Directed by Len Wiseman
A group of terrorists, naturally, have begun to wreak havoc with the nations infrastructure by hacking into the computer systems that control everything from traffic signals to power lines. The only thing they can’t seem to control is New York detective John McClane (Bruce Willis), who is supposed to be escorting a suspect (Justin Long) to the FBI for interrogation, but quickly finds himself in the middle of a cybernetic armageddon.
The premise is absolutely preposterous, but that’s never really been a problem for “Die Hard” before and might even honestly be considered one of the series’ hallmarks. That being said, it’s still the least plausible of any of the “Die Hard” stories so far, and that includes terrorists taking over an airport. It hovers right on the cusp of being a deal-breaker how much so, I imagine, will depend largely on how much you do or don’t know about computers.
That’s never really mattered before, as the setup is largely just an excuse for Willis to engage in well-designed set pieces and trade witty banter with his co-stars. In that regard, “Live Free or Die Hard” half works. Director Len Weisman (“Underworld”) has a very good eye for stunts and set pieces and “Live Free” offers him his biggest canvas yet for indulging it. That turns out to be both a plus and a minus as he occasionally lets his spectacle run away with him, particularly towards the end, in an effort to continually top himself. The final big action segment involving an F-35 dodging pieces of falling freeway while trying to blow up a speeding semi simply defy belief. It’s too big, too insane to work, and that’s saying something about a series largely built out of an every man dealing with impossible situations.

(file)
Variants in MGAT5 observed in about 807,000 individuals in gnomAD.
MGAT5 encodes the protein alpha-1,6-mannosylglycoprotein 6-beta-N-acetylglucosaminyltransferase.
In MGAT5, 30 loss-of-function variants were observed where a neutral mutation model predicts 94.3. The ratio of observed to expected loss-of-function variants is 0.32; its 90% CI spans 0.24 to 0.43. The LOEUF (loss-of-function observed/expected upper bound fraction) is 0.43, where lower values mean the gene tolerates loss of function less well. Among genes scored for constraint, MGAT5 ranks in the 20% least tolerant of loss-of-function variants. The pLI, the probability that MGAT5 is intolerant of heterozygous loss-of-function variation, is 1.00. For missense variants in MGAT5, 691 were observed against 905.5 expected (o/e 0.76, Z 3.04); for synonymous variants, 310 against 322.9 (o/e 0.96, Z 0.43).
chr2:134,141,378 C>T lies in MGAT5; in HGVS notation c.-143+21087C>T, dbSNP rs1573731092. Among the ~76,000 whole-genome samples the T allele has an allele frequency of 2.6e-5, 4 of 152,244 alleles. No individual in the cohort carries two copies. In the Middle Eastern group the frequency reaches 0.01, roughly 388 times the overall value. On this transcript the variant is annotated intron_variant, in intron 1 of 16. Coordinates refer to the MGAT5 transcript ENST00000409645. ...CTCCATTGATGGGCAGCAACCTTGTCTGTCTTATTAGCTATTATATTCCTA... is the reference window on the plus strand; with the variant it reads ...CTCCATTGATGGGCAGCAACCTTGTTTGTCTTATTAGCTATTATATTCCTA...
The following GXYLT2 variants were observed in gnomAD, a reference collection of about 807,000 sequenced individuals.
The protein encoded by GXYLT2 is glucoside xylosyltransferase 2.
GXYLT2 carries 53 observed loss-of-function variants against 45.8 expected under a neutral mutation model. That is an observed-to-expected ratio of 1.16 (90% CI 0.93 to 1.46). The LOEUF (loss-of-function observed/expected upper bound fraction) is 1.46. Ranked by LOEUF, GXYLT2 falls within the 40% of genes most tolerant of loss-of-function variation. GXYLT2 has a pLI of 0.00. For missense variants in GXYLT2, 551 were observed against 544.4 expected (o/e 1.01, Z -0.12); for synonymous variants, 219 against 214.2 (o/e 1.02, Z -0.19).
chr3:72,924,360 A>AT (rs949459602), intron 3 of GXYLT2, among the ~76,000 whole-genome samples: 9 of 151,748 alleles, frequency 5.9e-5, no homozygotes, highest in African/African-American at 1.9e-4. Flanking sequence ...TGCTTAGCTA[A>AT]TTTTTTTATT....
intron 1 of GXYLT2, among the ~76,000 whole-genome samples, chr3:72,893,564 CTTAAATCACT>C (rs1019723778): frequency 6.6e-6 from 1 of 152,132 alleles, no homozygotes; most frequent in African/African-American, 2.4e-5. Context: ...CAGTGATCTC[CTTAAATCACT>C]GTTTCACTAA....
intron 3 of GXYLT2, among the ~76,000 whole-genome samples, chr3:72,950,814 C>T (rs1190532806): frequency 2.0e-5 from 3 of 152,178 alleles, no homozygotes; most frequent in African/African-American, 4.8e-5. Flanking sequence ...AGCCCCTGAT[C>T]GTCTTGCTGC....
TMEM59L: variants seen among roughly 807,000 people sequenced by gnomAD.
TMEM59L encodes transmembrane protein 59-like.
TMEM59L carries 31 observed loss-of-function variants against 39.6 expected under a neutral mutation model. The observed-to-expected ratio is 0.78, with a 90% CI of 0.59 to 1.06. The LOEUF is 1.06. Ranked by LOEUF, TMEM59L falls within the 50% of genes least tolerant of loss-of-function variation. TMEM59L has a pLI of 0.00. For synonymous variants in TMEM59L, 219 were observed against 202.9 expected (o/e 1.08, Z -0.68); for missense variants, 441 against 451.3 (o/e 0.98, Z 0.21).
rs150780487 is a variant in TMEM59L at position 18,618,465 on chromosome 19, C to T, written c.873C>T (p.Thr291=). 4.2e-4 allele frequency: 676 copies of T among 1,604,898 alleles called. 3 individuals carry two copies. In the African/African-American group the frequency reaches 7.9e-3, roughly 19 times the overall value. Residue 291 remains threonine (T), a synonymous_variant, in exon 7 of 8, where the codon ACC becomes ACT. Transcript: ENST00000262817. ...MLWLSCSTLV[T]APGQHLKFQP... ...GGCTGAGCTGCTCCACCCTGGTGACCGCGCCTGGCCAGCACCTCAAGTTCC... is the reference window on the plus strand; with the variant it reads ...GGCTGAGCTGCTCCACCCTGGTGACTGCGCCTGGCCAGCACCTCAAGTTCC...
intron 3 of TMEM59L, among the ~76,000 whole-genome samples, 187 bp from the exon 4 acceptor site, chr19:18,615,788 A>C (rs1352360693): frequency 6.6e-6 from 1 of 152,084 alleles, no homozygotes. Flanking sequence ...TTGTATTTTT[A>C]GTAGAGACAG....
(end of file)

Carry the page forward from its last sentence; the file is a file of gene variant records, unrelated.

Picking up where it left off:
And if the spectacle doesn’t work, then Weisman’s got a real problem on his hands, because spectacle’s about all he’s got. The plot is borrowed pretty thoroughly from the first “Die Hard” just on a larger scale, and with less panache. In theory that’s all his audience may want, but in practice it means a movie that is largely heartless, as opposed to being merely mindless. “Live Free or Die Hard” doesn’t really offer anything resembling characterization or a compelling plot. Willis slips back into McClane’s shoes with effortless ease (although part of that may be merely because he’s been doing variations on the part for 20 years) but there’s no real emotional connection with him, and what little there is concerning his now adult daughter Lucy (Mary Elizabeth Winstead) is forced.
Which pretty much sums up all the characters. The incredibly vapid villains, led by the excessively whiney Thomas Gabriel (Timothy Olyphant) don’t seem particularly invested in what they’re doing or each other. Forget not seeming like real people, it is an action movie after all, they don’t even seem like real characters. They’re plot devices created to give McClane something to shoot at, and it shows. Poor Justin Long exists largely to spout exposition and wise cracks. The “Die Hard” franchie tried its hand at a buddy cop story previously with marginal results, and it had Samuel L. Jackson to play off of. “Live Free or Die Hard” doesn’t fare anywhere near as well.
But none of that is “Live Free or Die Hard’s” real flaw. It may sound illogical, but for “Live Free or Die Hard” to work it doesn’t really need an ironclad plot. Which is good, because Weisman doesn’t seem at all interested in his plot except as a setup for scenes, many of which (such as Long arguing with an OnStar operator, despite it being clearly and repeatedly stated that all communications nationwide have been disabled) absolutely do not work in view of what has come before them. It doesn’t really need interesting characters or connections between them. Which is good, because it doesn’t have them either. Most of the characters are flat and exist only to service the plot, which is strange considering how under-thought the plot actually is.
What it needs is a sense of joy, a sense that despite the harrowing nature of the situation, there is something entertaining even to the participants, and through them, the audience about the absurdity of the situation. It’s that joy that makes the fun moments and the dark moments, when the joy is taken away, feel dark. And “Live Free or Die Hard” doesn’t have that. Willis tries here and there, but he’s struggling in vain. It’s technically proficient, and never really bad, but it’s also quite dull.